DFA HANDLES CANADA TOXIC
WASTE ISSUE WITH KID GLOVES
Sen. Francis “Chiz” Escudero chided the Department of Foreign Affairs (DFA) for not taking a stronger stance when it asked Canada to take back the toxic waste it has been dumping in the Philippines since 2013.
Escudero, who chairs the Senate Committee on Environment and Natural Resources, said the Philippine government should exhaust all measures to ensure that the waste goes back to Canada.
Presiding over today’s (September 9) committee hearing on the country’s waste disposal and management system, Escudero expressed disgust at how Canada’s waste has caused the Philippines so much trouble.
When reports of Canada’s dumping of toxic waste in the Philippines broke, an inter-agency committee composed of the DFA, Department of Environment and Natural Resources (DENR), and the Bureau of Customs (BoC) was formed to address the issue.
The DFA sent a diplomatic note to Canada on the matter, but far from expressing the strong public sentiment against the dumping of waste, the foreign affairs department only sought the Canadian government’s assistance in the “expeditious return of containers to the port of origin at no cost to the government.”
“Canada was treated with kid gloves. Dapat mas matindi at mas mabigat ang posisyon natin laban dito. Hindi nung sinabi ng Canada na wala kaming batas na pwedeng gamitin para utusan ang aming local exporter na ibalik ang mga yan, hindi na rin natin ipinilit,” Escudero said.
Canada is a signatory to the Basel Convention, an international treaty that bans the export of waste.
The first batch of 50 container vans, incorrectly labeled “recyclable plastic materials,” arrived in the Philippine ports in June 2013. Another batch came a few months after. The vans were found to carry household wastes.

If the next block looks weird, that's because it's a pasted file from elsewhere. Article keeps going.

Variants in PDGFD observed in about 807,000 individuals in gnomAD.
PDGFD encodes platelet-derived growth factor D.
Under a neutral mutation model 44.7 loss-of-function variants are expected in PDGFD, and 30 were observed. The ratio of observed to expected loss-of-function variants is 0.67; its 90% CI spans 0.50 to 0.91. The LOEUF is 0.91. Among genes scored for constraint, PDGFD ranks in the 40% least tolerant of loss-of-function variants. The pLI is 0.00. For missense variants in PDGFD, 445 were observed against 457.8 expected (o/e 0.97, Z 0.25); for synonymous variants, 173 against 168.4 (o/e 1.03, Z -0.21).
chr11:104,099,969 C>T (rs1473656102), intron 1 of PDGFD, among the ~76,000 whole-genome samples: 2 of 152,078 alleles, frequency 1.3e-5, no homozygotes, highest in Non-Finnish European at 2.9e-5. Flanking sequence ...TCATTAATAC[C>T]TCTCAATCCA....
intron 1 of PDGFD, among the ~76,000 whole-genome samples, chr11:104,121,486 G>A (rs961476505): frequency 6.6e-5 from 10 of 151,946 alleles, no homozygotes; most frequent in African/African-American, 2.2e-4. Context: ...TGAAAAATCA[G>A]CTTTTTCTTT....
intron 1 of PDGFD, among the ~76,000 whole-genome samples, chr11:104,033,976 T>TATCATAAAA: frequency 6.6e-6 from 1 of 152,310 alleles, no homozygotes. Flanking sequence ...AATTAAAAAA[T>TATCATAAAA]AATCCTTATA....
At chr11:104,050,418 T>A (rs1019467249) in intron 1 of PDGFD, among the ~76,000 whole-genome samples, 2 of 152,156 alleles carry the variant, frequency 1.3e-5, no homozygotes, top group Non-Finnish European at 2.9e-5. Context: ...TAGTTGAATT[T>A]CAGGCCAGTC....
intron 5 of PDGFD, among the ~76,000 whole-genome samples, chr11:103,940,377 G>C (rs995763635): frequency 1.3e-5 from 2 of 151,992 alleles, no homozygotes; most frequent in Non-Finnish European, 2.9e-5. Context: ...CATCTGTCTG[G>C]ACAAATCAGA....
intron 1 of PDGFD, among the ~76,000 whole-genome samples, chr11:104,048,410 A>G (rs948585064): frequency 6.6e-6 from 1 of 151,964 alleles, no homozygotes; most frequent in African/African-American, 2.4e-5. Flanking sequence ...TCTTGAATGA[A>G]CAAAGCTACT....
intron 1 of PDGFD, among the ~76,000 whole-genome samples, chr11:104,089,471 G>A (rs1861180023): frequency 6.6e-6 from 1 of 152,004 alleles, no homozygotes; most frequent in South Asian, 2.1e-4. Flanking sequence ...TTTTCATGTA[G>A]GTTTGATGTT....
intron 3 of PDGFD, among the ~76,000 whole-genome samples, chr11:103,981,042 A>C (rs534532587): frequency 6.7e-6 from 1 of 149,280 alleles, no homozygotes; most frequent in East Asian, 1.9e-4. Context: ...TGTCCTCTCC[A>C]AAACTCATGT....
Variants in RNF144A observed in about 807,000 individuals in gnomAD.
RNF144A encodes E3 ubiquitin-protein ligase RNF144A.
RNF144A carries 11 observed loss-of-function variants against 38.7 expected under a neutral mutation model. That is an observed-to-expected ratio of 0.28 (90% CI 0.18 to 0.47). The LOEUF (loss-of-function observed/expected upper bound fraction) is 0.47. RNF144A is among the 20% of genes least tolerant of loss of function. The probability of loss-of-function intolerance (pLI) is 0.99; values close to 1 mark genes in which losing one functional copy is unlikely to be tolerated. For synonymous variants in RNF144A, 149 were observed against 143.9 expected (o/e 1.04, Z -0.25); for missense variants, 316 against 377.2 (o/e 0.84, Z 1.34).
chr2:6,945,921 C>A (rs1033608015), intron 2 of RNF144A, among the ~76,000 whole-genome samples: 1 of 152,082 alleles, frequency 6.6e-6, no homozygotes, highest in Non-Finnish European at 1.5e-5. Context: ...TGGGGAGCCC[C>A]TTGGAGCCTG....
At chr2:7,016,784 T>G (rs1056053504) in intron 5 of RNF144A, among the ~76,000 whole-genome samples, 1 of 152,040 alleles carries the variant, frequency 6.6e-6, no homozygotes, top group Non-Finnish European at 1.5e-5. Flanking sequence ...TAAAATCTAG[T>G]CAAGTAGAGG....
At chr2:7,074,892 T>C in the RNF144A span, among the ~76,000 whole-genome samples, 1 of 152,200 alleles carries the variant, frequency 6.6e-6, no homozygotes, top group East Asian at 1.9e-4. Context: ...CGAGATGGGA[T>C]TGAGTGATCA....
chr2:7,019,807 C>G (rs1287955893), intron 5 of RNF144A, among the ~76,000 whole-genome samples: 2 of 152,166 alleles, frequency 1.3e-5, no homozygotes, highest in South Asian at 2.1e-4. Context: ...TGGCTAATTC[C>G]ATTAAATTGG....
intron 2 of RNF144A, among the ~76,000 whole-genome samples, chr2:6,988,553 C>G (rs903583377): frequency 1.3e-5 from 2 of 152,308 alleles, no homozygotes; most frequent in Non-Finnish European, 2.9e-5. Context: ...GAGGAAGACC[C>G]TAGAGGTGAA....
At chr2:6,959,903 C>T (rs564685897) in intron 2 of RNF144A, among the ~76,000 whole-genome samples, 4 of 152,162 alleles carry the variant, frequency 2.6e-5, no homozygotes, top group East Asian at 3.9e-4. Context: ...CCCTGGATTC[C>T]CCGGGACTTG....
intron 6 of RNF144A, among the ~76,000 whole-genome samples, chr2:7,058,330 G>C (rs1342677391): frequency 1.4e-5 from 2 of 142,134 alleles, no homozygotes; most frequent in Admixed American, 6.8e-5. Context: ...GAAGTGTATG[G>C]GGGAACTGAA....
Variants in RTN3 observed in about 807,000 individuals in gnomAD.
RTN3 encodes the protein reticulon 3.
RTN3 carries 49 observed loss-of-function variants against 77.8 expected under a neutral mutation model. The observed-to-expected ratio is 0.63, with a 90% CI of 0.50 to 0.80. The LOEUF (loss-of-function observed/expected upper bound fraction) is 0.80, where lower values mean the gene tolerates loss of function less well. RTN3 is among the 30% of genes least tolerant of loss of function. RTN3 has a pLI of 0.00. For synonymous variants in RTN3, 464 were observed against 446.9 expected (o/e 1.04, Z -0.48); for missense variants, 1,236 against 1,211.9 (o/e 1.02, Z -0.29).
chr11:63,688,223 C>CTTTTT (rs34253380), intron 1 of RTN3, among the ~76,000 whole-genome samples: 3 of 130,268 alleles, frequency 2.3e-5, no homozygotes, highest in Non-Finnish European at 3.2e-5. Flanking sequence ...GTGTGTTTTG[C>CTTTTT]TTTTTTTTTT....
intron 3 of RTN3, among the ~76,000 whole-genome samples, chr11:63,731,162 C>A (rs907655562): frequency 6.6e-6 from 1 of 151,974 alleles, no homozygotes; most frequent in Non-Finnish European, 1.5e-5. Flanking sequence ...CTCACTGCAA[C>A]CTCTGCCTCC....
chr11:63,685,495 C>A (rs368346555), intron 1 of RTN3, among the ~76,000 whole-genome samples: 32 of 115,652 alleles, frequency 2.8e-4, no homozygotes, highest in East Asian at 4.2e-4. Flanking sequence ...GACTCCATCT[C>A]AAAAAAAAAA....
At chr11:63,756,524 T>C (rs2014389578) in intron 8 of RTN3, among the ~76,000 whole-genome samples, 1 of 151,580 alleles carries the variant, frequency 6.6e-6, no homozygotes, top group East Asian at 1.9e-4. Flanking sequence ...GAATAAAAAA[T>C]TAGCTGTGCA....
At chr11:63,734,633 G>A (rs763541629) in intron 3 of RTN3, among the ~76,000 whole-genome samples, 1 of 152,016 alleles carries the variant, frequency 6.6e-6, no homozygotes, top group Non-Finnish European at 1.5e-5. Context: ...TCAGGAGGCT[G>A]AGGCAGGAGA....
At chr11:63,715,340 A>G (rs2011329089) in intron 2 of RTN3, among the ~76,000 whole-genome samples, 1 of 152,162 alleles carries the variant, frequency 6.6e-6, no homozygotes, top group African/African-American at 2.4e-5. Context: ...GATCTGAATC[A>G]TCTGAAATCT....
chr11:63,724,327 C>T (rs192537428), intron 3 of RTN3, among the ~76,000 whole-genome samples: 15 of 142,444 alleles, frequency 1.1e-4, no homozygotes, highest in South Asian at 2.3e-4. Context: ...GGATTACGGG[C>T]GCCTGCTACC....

In June, 26 containers of the rotting garbage were dumped at a sanitary landfill in Tarlac.
Environmentalists fiercely protested against the dumping, saying the garbage being shipped here contained “toxic, hazardous garbage.” The DENR, however, told the Senate committee that the materials inside the disputed container vans are “neither toxic nor hazardous.”
In today’s hearing, Escudero asked the inter-agency task committee to provide a conclusive sampling of the waste to determine whether it is toxic or not. He said the DENR, DFA and BoC should present a more comprehensive report so that the government can make relevant recommendations “to strengthen our stance in this toxic issue.”
“This is a matter of national shame and pride. A shame on Canada for dumping their garbage on someone else’s backyard, our pride as a nation of peoples, not of garbage cans. We must stand up and clean our backyard of this Canadian waste,” Escudero said. /MP